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Celebrating yesterday and today

By JULIA REYNOLDS, Monterey Herald, July 9, 2007

Obon Festival honors ancestors, culture

Monterey, CA (USA) -- For a moment on Sunday, the only sound was the sizzle of tempura in the fryer. The gentle scents of incense, teriyaki sauce and fresh flowers wafted in the afternoon air.

<< Samantha Io, left, and Taylor Guy, both of Watsonville, walk into the rear courtyard dressed in traditional Japanese garb at the Buddhist temple in Seaside on Sunday during the 61st Obon Festival. (DAVID ROYAL/The Herald)

That was after the roar of Taiko drums pounded across the normally serene grounds of the Monterey Peninsula Buddhist Temple in Seaside.

It was the temple's 61st Obon Festival, which in the Shin Buddhist tradition of Japan is an annual celebration that honors ancestors and especially those who recently passed away.

The heroic volunteers who prepared enough Japanese food to feed hundreds are called the Fujinkai, said Andy Yoshiyama, 62, of Seaside, and the festival's chairman. "Those are the ladies that prepare and cook all the food."

Last year, the food sold out in three hours, Yoshiyama said. This year, the Fujinkai, who have worked to plan the event since January, made sure there was plenty more, but "we're still selling out," Yoshiyama said.

"They're the ones that know how to make the authentic food, the authentic sushi," he added.

"Our problem with the next generation is that they move on," he said, leaving the area for jobs, affordable housing and, in the process, sometimes forgetting their Japanese traditions.

But at least once a year, those traditions are brought back for Obon.

An opening ceremony at the Seaside festival featured a taiko performance and Japanese kendo sword exhibition. Other events included flower-arranging by the Ohara School of Ikebana, a bonsai display, an aikido exhibition and the traditional Obon dance. Booths inside and out of the temple grounds offered food, books and Japanese clothing and art to an estimated several thousand who attended.

Yoshiyama said he hasn't attended all of the temple's 61 Obon festivals, but he comes close.

Born in Salinas, Yoshiyama was later sent to the Preston, Ariz., internment camp for Japanese-Americans during World War II. After a stint in the Air Force, he moved back to Northern California for good.

The Monterey Buddhist Temple, he said, was first established in the early-1940s at the Japanese American Citizens League Hall on Adams Street in downtown Monterey. The congregation held an Obon observation in 1946, a year after the war ended.

"The first Obon festival was held there, in the street with dancers," Yoshiyama said. In the late 1950s or early 60s, the event moved to the Monterey Fairgrounds, where Yoshiyama got involved. After the Seaside temple was inaugurated in 1965, the festival moved into the building's parking lot, where it's been held ever since.

The Seaside temple is part of a group called Buddhist Churches of America that practice Shin Buddhism, first brought to San Francisco from Japan in 1899. Other temples in the group are in Salinas and Watsonville, where Obon festivals will also be held in coming weeks.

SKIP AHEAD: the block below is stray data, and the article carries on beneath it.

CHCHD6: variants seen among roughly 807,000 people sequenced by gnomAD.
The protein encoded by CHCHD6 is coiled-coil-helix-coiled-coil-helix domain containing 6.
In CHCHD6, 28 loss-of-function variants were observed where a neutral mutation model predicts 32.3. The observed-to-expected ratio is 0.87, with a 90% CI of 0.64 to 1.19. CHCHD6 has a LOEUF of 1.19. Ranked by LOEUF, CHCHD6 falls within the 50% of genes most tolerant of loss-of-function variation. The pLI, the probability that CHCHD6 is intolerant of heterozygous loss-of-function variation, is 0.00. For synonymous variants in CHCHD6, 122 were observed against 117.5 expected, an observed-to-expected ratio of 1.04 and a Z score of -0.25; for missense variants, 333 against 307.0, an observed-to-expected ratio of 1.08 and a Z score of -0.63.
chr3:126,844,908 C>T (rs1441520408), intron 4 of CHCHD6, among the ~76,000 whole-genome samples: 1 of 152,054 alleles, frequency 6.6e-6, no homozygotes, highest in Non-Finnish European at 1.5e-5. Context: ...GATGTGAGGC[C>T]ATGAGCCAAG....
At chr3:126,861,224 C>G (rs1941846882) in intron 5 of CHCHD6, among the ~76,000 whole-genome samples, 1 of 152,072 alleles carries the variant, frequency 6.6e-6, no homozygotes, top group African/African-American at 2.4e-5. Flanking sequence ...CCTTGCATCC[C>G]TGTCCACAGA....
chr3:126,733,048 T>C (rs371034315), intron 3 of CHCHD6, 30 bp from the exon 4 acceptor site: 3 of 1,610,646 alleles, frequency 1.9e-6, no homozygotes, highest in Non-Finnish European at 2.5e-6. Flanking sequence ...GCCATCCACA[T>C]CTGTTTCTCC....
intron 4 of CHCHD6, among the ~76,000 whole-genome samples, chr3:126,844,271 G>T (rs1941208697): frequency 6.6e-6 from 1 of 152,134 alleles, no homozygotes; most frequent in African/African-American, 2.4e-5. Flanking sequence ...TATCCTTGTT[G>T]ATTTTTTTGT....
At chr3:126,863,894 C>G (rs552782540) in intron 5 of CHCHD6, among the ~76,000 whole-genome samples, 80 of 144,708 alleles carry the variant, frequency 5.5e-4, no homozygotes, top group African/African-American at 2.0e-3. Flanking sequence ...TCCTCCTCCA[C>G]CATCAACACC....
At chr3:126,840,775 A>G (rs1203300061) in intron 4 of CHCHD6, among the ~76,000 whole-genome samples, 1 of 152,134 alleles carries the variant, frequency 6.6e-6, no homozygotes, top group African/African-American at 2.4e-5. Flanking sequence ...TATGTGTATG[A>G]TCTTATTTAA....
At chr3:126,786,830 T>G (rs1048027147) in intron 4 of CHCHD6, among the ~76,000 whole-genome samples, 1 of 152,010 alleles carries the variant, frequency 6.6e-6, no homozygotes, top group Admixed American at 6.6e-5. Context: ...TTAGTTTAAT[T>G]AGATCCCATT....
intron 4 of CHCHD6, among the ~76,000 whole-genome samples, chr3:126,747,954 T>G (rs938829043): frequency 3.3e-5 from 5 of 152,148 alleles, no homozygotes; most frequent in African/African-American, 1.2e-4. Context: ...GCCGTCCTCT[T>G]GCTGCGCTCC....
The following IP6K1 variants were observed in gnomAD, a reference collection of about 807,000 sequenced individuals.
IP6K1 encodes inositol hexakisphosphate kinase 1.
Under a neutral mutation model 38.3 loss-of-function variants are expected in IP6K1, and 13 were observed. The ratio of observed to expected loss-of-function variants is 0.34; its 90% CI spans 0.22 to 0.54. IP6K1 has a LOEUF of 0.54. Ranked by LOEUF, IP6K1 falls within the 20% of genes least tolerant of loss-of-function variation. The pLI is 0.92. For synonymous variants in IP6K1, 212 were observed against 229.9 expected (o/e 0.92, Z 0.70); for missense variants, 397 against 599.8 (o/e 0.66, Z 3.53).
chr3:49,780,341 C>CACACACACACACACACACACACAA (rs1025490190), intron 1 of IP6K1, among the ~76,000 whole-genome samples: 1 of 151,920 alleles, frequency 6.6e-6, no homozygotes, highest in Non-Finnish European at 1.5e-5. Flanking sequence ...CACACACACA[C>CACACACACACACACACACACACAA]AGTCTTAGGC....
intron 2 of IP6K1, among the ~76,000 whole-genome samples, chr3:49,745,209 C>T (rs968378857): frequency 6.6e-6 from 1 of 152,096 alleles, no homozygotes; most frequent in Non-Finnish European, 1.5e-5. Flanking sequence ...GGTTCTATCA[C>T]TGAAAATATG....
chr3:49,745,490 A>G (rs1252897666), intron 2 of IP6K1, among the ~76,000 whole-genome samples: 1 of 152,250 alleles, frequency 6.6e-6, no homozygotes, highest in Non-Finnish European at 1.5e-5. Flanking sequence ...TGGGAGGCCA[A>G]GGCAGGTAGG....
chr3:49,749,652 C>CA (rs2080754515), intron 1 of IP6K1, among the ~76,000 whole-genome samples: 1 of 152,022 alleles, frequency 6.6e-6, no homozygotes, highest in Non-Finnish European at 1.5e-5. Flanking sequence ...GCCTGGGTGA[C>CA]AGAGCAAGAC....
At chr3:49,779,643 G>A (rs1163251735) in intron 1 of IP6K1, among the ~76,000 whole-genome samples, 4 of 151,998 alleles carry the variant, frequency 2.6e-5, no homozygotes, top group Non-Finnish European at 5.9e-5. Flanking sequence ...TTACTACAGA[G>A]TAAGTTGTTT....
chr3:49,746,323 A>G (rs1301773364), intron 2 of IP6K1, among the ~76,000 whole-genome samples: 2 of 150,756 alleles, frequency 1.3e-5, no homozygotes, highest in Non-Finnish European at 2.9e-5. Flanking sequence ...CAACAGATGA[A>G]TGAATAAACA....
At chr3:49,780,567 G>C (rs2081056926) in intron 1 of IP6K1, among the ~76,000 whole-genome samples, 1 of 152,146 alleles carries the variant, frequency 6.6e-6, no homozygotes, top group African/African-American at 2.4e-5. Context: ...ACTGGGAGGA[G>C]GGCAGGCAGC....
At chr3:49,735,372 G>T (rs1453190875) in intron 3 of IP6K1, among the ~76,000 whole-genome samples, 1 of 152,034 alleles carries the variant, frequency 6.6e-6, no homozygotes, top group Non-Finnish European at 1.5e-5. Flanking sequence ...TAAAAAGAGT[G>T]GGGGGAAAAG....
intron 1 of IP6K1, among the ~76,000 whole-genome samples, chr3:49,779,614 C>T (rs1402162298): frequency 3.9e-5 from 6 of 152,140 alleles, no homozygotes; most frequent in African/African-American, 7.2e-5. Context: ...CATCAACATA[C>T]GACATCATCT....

During World War II, as West Coast Japanese-Americans were moved across the country to internment camps, the Shin Buddhist temples, which today number more than 100 in the U.S., also spread.

In Japan, Obon is considered a major religious holiday, clogging the nations's highways as families leave cities in the summer to take part in hometown festivities.

Traditional Obon observers hang lanterns in front of their houses to guide their ancestors. It is a time when families visit the gravesites of departed relatives and offer food for the spirits.

"The Chinese Feast of Lanterns is based on Obon," said temple member Larry Oda, who is also the national president of the Japanese American Citizens League.

Oda grew up in a house on Foam Street in Monterey's Cannery Row, and said his family has been in the area for 101 years. His grandfather, he said, built the cannery that is now part of the Monterey Bay Aquarium's structure.

In the U.S., he said, "Obon has turned into more of a cultural affair, reaching out to the community," whereas the event has kept a more religious significance in Japan.

But that doesn't mean the traditional meaning of Obon is lost on the Peninsula temple's members.

The temple holds a monthly service for all who passed away that month, in addition to its annual Obon service, where everyone who died that year is remembered. That service will be held at the temple next Sunday at 2:30 p.m., Oda said.

And at home, Buddhist families still keep family altars where the dead are honored.

When Buddhists die, Oda said, they're given a Buddhist name if they weren't already baptized with one.

That name is placed in front of the altar, with a candle placed on one side and flowers on the other, he said.

"They also put a small amount of rice or fruit to share what you have with them," he said. "You say a prayer, then when the candle goes out on its own, then you eat the rice."

As Obon draws to a close, he said, some observers in Japan still place floating lanterns in rivers or the sea, letting the light guide their loved ones safely back to the spirit world.



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